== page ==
HealthDay News — Patients with colon cancer who are younger than 25 years have a higher risk for death compared with older adults, according to a retrospective review published in the April issue of the Journal of the American College of Surgeons.

Andrea A. Hayes-Jordan, M.D., from the University of North Carolina at Chapel Hill, and colleagues conducted a retrospective review of pediatric and adolescent patients with colon cancer who were younger than 25 years and were treated between 1991 and 2017. The authors compared overall survival (OS) and recurrence-free survival (RFS) in the younger patients to survival in a prospectively maintained database of adult patients.

The researchers found that among 94 pediatric patients and 765 adult patients, three-year OS rates were 41.92 and 90 percent, respectively, and three-year RFS rates were 32 and 78 percent, respectively. Pediatric patients with stage 2, stage 3, and stage 4 disease had significantly worse five-year OS and five-year RFS. According to the results of a multivariate analysis, pediatric and adolescent patients also had a higher risk for recurrence or death compared with adult patients (hazard ratio, 2.312). Pediatric patients were also found to have more peritoneal metastasis.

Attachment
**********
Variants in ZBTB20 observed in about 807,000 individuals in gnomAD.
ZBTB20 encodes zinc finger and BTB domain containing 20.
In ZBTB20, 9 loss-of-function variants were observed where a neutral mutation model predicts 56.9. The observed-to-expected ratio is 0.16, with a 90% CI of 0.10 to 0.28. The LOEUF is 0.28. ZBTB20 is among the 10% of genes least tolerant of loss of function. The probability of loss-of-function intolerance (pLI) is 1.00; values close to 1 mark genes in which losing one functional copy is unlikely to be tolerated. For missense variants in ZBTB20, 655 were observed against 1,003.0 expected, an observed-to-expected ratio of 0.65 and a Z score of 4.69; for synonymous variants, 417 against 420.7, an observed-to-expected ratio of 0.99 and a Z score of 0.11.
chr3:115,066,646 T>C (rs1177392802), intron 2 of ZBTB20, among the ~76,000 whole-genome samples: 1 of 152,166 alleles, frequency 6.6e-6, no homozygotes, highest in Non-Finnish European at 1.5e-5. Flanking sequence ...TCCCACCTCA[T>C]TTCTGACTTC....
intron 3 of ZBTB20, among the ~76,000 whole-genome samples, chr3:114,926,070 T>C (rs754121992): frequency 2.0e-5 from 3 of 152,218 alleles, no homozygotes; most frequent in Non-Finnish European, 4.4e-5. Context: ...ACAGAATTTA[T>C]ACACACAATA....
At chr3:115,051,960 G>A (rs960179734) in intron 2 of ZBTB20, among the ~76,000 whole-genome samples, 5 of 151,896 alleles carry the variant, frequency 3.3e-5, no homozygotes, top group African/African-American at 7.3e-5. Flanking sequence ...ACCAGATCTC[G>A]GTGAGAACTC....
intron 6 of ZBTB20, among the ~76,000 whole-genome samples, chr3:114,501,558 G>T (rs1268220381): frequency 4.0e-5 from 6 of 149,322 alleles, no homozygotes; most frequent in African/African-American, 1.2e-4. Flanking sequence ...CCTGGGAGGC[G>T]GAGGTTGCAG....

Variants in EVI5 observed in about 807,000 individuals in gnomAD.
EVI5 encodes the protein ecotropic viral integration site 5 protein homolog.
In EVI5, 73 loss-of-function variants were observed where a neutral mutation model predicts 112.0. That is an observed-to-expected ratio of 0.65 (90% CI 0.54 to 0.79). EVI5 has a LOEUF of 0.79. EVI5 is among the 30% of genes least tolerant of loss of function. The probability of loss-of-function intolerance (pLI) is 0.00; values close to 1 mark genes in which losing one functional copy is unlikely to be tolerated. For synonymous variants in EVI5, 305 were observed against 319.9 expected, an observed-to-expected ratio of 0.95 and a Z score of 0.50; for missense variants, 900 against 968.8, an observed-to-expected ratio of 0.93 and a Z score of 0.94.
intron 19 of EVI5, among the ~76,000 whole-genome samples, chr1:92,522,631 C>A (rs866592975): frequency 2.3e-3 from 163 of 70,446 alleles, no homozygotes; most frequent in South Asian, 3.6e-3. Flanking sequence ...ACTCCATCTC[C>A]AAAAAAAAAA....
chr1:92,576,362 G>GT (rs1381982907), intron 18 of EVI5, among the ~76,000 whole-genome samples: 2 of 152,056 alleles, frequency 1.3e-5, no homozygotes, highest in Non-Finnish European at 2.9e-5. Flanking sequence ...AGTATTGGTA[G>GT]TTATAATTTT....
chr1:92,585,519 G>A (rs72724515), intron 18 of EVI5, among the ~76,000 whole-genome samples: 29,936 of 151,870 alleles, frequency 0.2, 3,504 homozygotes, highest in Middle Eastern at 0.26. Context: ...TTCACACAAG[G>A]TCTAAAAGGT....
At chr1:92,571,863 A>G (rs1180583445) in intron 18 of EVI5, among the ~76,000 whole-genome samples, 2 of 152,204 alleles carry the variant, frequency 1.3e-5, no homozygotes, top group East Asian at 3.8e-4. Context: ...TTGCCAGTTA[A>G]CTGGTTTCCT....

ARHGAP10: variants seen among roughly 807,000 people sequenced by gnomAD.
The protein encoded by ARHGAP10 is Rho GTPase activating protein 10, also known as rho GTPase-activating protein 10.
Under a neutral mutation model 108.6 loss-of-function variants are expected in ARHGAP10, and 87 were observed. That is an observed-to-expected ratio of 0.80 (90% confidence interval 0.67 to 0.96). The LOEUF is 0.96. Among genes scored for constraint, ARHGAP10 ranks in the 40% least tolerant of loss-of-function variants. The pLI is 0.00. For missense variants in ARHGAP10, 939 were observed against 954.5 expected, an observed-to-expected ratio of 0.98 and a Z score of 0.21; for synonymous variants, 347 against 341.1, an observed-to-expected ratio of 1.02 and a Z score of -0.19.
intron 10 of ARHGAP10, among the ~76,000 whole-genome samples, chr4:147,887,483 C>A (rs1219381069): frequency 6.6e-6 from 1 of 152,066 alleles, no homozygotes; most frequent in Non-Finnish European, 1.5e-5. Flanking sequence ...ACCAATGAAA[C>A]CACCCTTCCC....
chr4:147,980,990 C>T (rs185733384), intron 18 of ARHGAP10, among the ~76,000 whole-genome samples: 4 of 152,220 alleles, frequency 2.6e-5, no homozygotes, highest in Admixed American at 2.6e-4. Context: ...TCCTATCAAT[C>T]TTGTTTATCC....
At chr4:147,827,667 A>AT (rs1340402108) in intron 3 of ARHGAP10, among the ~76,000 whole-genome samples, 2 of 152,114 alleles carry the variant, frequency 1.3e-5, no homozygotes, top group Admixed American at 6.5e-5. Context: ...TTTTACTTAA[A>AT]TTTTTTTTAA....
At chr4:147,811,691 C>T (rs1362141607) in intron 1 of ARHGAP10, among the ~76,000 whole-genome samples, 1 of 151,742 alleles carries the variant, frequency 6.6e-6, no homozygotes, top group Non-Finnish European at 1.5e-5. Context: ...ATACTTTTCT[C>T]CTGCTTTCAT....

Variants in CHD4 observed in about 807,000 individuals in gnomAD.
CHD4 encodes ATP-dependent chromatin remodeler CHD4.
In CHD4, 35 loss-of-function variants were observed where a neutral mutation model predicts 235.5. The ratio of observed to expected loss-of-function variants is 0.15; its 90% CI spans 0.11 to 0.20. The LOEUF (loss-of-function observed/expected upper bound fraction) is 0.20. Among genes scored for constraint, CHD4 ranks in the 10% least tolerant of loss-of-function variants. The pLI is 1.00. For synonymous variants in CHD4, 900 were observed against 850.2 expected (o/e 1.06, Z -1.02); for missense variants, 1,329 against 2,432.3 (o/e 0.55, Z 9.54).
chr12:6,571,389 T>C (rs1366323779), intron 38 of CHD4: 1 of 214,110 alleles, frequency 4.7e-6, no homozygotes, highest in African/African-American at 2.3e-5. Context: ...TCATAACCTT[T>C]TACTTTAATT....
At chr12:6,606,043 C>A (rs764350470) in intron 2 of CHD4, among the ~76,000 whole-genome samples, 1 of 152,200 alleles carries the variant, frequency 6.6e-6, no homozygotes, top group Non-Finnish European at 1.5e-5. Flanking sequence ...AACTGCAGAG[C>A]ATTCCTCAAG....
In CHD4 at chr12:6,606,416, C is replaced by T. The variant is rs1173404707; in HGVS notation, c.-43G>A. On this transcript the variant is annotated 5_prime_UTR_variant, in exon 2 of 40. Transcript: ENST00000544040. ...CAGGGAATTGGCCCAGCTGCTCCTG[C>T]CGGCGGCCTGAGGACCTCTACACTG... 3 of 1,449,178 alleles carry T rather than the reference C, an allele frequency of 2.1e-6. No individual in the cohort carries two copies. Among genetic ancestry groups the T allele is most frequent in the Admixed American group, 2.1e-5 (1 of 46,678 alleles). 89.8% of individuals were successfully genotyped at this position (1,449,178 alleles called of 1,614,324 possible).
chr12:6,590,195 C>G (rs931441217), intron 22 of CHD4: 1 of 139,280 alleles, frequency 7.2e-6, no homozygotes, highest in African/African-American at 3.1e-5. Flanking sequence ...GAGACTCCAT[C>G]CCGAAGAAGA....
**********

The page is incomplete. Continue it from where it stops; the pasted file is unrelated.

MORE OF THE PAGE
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“Stage for stage, children fare five to six times worse with treatment. So, a child with stage 4 disease has a six-times higher chance of dying than an adult with the same stage of cancer,” Hayes-Jordan said in a statement. “Children are not small adults. They should be treated with independent thought and careful evaluation.”

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